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I've worked for various healthcare companies and found there's a wide range of interpretation to what protected HIPAA data is. It should be more cut and dry, but in actual practice it seems to be a little confusing.

My questions:

  1. Can one of the 18 identifiers be PHI by itself, without having any medical information attached to it? For example an first and last name from an EHR system. I have always thought you need some sort of medical information attached with the 18 identifiers to make it PHI, otherwise without the health information, it's PII. So a first and last name with the diagnosis of diabetes is PHI, but my first and last name is not PHI, only PII.

  2. Does it matter where the information originated from? For example if a person inputs their health information into a healthcare website, say weight and medical condition, is that different from a doctor inputting that same data into their EHR?

  3. The definition states that it's protected if the covered entity receives the information - but what if the patient gives health information (let's say weight and medical conditions) to a downstream business associate (with a signed BAA)? I thought HITECH extended liability to downstream associates as if they were the covered entity.

It's worth posting the definition of protected health information for reference.

Under HIPAA, protected health information is considered to be individually identifiable information relating to the past, present, or future health status of an individual that is created, collected, or transmitted, or maintained by a HIPAA-covered entity in relation to the provision of healthcare, payment for healthcare services, or use in healthcare operations (PHI healthcare business uses). Health information such as diagnoses, treatment information, medical test results, and prescription information are considered protected health information under HIPAA, as are national identification numbers and demographic information such as birth dates, gender, ethnicity, and contact and emergency contact information. PHI relates to physical records, while ePHI is any PHI that is created, stored, transmitted, or received electronically. PHI only relates to information on patients or health plan members. It does not include information contained in educational and employment records, that includes health information maintained by a HIPAA covered entity in its capacity as an employer. PHI is only considered PHI when an individual could be identified from the information. If all identifiers are stripped from health data, it ceases to be protected health information and the HIPAA Privacy Rule’s restrictions on uses and disclosures no longer apply.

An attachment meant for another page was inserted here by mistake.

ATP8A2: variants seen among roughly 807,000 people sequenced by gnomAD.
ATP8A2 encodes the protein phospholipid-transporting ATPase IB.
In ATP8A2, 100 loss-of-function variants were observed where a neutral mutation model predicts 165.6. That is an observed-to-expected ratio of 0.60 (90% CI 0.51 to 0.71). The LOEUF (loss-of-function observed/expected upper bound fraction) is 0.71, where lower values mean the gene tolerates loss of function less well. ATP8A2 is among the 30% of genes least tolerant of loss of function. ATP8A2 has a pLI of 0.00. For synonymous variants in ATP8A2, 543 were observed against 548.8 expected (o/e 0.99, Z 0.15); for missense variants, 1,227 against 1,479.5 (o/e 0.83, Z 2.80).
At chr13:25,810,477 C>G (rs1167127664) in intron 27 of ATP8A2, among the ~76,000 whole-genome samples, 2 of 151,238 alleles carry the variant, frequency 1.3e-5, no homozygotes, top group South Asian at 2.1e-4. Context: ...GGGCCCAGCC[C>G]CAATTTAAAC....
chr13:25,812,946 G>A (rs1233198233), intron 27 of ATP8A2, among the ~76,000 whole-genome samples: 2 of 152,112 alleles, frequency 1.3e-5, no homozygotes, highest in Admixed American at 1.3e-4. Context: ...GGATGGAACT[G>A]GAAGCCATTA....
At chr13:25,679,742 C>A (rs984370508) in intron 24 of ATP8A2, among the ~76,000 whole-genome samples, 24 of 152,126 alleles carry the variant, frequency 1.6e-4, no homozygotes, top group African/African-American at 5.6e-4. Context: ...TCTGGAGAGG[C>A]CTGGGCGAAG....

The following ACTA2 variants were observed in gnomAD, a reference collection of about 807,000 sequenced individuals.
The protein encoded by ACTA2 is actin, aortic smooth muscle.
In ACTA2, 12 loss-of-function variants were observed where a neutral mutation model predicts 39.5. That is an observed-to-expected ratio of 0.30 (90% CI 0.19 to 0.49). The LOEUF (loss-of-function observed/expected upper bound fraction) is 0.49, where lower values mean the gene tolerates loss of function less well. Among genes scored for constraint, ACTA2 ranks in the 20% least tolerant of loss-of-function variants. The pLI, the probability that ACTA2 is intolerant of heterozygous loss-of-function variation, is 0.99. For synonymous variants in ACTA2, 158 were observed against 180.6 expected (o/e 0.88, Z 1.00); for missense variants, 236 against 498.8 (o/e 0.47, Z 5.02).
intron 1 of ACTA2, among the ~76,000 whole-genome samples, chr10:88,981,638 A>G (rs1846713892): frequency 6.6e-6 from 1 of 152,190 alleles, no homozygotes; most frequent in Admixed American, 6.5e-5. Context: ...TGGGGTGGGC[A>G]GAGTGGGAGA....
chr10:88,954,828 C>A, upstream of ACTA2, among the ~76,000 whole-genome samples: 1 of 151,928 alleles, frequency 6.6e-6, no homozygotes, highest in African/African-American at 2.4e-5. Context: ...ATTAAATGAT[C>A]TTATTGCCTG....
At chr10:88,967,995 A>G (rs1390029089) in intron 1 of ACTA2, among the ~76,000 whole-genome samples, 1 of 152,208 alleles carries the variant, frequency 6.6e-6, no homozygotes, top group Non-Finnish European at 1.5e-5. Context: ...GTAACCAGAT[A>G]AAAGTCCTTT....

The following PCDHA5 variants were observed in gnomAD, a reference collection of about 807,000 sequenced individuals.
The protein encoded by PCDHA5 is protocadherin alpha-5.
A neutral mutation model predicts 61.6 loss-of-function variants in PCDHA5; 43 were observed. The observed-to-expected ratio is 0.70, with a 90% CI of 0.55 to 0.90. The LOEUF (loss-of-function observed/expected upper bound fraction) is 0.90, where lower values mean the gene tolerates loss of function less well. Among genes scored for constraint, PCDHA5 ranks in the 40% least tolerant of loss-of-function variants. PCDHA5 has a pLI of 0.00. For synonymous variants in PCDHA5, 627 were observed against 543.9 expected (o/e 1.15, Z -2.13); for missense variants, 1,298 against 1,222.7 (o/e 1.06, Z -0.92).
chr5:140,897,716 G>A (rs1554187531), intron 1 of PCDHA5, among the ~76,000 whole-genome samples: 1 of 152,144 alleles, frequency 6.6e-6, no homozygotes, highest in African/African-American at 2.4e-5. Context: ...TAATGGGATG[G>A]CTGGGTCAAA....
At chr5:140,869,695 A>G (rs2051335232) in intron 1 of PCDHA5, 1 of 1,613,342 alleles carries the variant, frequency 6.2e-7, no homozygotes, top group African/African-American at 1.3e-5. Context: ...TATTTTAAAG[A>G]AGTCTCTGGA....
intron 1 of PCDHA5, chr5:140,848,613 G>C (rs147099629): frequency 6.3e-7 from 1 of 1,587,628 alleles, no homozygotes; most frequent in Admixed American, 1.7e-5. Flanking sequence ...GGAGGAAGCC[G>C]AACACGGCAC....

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Response to point 1:

  1. Yes, it’s true that for information to be classified as PHI, PII must be attached to the health information. If there is no health-related information that could be past, present or, future with the PII, it is only Personally Identifiable Information. E.g. if there is a web page with details like First Name, Last Name, Mobile No and health report attached, then the system is considered and PHI/ePHI. Secondly, all the health records have PII for traceability purposes.
  2. Secondly, First and Last Name also does not qualify to be PII, as it’s generic information. I can’t identify an individual basis First Name and Last Name; a 3rd attribute will be required.

Response to point 2:- 1. Not at all. 2. PHI is classified based on the kind of information irrespective of who is entering the data, whether its Data Subject, Covered Entity or Data Processor/Business Associate.

Response to Point 3:- 1. Even if the PHI is being collected by the Business Associate or downstream actors, it will still be classified as PHI. It is Covered Entities' responsibility to sign a Business Associate Agreement (BAA) with the Business Associate. The agreement should have the definition of the PHI for the understanding of all the affected parties.

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  • "First and Last Name also does not qualify to be PII, as it’s generic information". I find that very hard to believe. Especially since the source of the information would be known. – pcalkins Mar 17 '20 at 18:33

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